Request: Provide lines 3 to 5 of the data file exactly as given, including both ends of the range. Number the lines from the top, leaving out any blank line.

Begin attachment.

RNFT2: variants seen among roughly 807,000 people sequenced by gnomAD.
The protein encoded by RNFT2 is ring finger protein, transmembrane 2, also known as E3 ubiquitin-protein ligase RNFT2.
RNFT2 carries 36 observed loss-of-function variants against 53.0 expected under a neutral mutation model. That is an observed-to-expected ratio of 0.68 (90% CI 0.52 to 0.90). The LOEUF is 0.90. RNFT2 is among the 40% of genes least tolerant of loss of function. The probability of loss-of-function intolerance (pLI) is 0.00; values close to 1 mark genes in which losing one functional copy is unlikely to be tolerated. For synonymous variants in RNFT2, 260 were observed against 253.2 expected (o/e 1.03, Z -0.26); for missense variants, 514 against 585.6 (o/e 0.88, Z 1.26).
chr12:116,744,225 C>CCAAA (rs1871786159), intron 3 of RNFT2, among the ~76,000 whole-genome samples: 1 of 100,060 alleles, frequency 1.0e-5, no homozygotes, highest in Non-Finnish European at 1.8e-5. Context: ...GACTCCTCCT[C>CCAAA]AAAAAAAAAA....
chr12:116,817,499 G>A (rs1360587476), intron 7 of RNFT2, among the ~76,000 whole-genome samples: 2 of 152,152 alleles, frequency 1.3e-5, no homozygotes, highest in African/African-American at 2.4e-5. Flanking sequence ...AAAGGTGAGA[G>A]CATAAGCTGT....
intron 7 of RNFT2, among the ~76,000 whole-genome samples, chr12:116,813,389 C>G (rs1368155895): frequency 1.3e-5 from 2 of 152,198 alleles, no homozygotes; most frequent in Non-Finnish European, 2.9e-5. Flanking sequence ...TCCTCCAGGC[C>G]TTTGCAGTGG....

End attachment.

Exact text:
RNFT2 carries 36 observed loss-of-function variants against 53.0 expected under a neutral mutation model. That is an observed-to-expected ratio of 0.68 (90% CI 0.52 to 0.90). The LOEUF is 0.90. RNFT2 is among the 40% of genes least tolerant of loss of function. The probability of loss-of-function intolerance (pLI) is 0.00; values close to 1 mark genes in which losing one functional copy is unlikely to be tolerated. For synonymous variants in RNFT2, 260 were observed against 253.2 expected (o/e 1.03, Z -0.26); for missense variants, 514 against 585.6 (o/e 0.88, Z 1.26).
chr12:116,744,225 C>CCAAA (rs1871786159), intron 3 of RNFT2, among the ~76,000 whole-genome samples: 1 of 100,060 alleles, frequency 1.0e-5, no homozygotes, highest in Non-Finnish European at 1.8e-5. Context: ...GACTCCTCCT[C>CCAAA]AAAAAAAAAA....
chr12:116,817,499 G>A (rs1360587476), intron 7 of RNFT2, among the ~76,000 whole-genome samples: 2 of 152,152 alleles, frequency 1.3e-5, no homozygotes, highest in African/African-American at 2.4e-5. Flanking sequence ...AAAGGTGAGA[G>A]CATAAGCTGT....